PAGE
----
Snow covered the ground and the wind howled furiously as a young Canadian man approached the Colville National Forest, piloting a helicopter packed with marijuana.
Federal agents say Samuel Jackson Lindsay-Brown was to trade the 426 pounds of pot for 182 pounds of cocaine that two men traveling from Utah were supposed to be delivering. The trade never happened.
Instead, the federal agents were waiting.
Lindsay-Brown, 24, was arrested as he stepped off the helicopter that stormy Feb. 23 evening, one subject of a rapidly growing drug investigation that gave agents a clear glimpse into a lucrative underworld stretching from the streets of Southern California to the forests near Priest Lake, Idaho.
For at least a year, federal agents say, Lindsay-Brown was part of an international smuggling operation that relied on helicopters to evade police while distributing thousands of pounds of marijuana, cocaine and Ecstasy throughout the western United States and Canada. Two men charged with leading the operation are wanted by the U.S. Drug Enforcement Administration on trafficking charges, and they have been linked to outlaw Canadian gangs implicated in drug-related slayings and other violence.
“This is ruthless stuff,” said U.S. Attorney Jim McDevitt, whose office in Spokane is handling prosecution of one of the cases. “Snuffing out the life of a competitor or a snitch, or of a cooperator or even an agent is nothing to them.”
Lindsay-Brown – a hero to some in the world of extreme mountain-biking – killed himself in Spokane County Jail on Feb. 27, three days after appearing in U.S. District Court on a drug charge he was told could send him to prison for 40 years.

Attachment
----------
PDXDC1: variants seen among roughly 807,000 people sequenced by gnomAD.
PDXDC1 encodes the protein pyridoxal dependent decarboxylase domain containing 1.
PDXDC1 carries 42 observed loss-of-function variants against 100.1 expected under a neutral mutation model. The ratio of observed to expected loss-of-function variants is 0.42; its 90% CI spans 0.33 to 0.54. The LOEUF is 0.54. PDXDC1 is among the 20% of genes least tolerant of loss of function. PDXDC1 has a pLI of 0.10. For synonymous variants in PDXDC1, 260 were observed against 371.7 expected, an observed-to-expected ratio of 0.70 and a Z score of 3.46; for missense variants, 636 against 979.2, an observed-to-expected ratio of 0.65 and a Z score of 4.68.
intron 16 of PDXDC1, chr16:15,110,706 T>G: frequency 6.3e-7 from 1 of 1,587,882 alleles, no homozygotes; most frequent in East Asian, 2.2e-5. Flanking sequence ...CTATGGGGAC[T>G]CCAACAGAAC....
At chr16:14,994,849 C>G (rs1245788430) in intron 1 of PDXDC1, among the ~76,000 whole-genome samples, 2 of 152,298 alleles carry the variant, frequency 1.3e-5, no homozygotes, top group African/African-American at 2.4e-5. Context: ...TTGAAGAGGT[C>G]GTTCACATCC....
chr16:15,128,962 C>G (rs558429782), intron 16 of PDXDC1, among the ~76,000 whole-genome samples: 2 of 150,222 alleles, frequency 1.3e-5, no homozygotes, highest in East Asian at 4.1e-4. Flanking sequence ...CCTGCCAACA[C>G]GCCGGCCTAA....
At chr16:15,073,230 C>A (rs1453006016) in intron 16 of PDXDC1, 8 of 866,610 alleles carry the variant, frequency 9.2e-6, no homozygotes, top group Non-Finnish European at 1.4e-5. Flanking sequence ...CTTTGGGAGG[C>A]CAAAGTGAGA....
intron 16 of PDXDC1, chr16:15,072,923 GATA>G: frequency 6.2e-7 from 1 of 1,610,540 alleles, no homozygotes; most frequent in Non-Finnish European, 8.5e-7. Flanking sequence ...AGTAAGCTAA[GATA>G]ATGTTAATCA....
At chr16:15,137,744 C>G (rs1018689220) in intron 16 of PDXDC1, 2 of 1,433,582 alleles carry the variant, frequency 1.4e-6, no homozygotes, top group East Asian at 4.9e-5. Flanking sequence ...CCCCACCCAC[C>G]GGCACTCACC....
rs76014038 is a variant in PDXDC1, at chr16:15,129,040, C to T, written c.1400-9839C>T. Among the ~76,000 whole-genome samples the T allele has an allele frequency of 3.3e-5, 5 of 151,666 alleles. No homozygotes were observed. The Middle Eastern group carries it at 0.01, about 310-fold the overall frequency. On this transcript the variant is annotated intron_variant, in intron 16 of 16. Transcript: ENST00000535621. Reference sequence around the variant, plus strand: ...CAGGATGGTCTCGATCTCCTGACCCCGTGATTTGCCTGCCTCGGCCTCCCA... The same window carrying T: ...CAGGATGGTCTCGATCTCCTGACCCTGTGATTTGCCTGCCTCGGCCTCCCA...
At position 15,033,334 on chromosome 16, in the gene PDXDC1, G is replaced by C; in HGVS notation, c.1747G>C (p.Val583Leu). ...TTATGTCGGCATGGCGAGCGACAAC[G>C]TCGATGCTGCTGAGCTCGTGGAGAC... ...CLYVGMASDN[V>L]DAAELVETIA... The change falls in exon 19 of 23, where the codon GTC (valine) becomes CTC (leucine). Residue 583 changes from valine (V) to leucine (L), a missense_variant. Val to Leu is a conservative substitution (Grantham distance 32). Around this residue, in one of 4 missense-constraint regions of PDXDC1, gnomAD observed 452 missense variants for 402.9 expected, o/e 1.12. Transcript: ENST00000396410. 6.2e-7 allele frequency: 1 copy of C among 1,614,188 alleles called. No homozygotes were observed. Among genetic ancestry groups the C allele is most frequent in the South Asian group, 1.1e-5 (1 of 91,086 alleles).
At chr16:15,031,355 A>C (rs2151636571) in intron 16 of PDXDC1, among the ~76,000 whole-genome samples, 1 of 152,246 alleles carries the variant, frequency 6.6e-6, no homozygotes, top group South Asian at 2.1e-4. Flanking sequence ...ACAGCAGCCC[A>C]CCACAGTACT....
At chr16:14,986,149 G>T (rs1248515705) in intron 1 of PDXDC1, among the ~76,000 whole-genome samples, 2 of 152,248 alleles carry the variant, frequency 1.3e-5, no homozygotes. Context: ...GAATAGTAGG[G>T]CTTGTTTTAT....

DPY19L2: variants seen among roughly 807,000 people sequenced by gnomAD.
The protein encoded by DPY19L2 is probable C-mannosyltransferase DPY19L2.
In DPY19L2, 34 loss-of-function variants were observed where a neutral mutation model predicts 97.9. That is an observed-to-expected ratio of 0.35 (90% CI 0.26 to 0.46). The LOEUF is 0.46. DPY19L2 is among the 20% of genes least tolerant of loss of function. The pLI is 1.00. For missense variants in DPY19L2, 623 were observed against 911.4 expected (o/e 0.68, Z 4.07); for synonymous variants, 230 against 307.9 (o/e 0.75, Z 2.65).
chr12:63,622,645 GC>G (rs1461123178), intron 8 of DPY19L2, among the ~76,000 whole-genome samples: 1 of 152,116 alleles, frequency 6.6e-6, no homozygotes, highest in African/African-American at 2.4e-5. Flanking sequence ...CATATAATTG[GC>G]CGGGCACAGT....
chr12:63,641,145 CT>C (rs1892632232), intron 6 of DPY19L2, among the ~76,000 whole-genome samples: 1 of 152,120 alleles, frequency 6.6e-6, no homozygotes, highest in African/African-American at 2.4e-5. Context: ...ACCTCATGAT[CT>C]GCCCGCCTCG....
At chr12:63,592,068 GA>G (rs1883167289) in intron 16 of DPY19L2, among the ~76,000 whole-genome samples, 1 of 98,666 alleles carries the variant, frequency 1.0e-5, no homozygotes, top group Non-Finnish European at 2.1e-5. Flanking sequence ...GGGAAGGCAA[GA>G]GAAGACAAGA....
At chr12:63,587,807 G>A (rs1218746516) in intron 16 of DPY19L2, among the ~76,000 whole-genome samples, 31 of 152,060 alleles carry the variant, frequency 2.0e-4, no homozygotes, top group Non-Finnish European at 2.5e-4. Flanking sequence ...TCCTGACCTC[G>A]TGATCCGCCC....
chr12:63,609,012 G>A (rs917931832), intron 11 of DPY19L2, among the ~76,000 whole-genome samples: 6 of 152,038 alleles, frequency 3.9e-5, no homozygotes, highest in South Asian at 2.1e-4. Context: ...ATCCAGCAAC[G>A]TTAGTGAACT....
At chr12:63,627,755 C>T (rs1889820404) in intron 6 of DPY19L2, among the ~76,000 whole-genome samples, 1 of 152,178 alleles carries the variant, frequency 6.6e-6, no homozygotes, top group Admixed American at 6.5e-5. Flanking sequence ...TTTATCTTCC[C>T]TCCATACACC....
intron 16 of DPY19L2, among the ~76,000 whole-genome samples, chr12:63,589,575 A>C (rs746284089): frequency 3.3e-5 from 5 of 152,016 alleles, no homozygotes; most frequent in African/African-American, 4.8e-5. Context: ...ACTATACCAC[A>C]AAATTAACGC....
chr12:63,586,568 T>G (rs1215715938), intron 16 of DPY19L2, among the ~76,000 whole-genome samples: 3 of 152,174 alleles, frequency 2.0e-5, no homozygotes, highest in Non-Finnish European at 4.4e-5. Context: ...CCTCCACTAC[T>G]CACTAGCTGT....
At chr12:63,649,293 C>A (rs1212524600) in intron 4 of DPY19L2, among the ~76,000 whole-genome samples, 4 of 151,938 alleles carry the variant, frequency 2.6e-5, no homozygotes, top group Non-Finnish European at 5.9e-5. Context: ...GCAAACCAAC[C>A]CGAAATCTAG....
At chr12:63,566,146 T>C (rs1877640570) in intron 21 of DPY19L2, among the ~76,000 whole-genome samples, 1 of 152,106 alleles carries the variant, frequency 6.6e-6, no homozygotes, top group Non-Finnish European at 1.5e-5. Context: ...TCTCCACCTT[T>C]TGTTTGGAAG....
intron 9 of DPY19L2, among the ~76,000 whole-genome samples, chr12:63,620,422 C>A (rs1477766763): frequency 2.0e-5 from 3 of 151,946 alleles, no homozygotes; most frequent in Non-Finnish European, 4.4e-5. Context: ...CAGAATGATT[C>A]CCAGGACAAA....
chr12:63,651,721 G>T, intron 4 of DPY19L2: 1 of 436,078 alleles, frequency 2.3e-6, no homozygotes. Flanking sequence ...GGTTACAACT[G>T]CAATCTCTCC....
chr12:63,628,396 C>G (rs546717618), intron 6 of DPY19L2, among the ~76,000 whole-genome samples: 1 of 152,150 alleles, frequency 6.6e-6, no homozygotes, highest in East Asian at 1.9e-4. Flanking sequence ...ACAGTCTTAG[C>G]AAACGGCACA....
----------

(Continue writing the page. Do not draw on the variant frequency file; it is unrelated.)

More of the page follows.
But the likelihood of such a sentence was slim, judging by the cases against Lindsay-Brown’s alleged accomplices.
One of those men, Leonard J. Ferris, is to be sentenced Wednesday in Spokane.
Operation Blade Runner
Ferris, 50, was arrested Feb. 21 with Ross N. Legge, 53, after state troopers found cocaine in their vehicle during a traffic stop near Ogden, Utah, according to court documents. Authorities believe the men were on their way to the Colville National Forest, where they were to wait for Lindsay-Brown to land his marijuana-laden helicopter.
Legge, who reportedly told investigators he’d made $70,000 in six months as a drug smuggler, is fighting the charges in federal court in Utah.
Ferris, who troopers say allowed them to search the car, told DEA agents about a storage center in Spokane Valley where he and Legge stored property “that had been used to facilitate narcotics smuggling and transportation,” according to a search warrant filed in Spokane County Superior Court in April.
DEA agents raided the storage unit, at 19410 Broadway Ave., on March 5 after getting a tip that associates of Legge’s had traveled to Spokane to secure his belongings.
Investigators took a trailer, ATV and snowmobile, according to the warrant, then returned for a Sierra camper after Legge said he’d used it to pick up marijuana near the border and transport it to Spokane.
Ferris was charged with intent to distribute and conspiracy to distribute cocaine. He pleaded guilty in April and is scheduled to be sentenced at 9 a.m. Wednesday. According to court documents, Ferris and Legge were arrested just before an undercover agent infiltrated the group and arranged for another marijuana transaction in early March.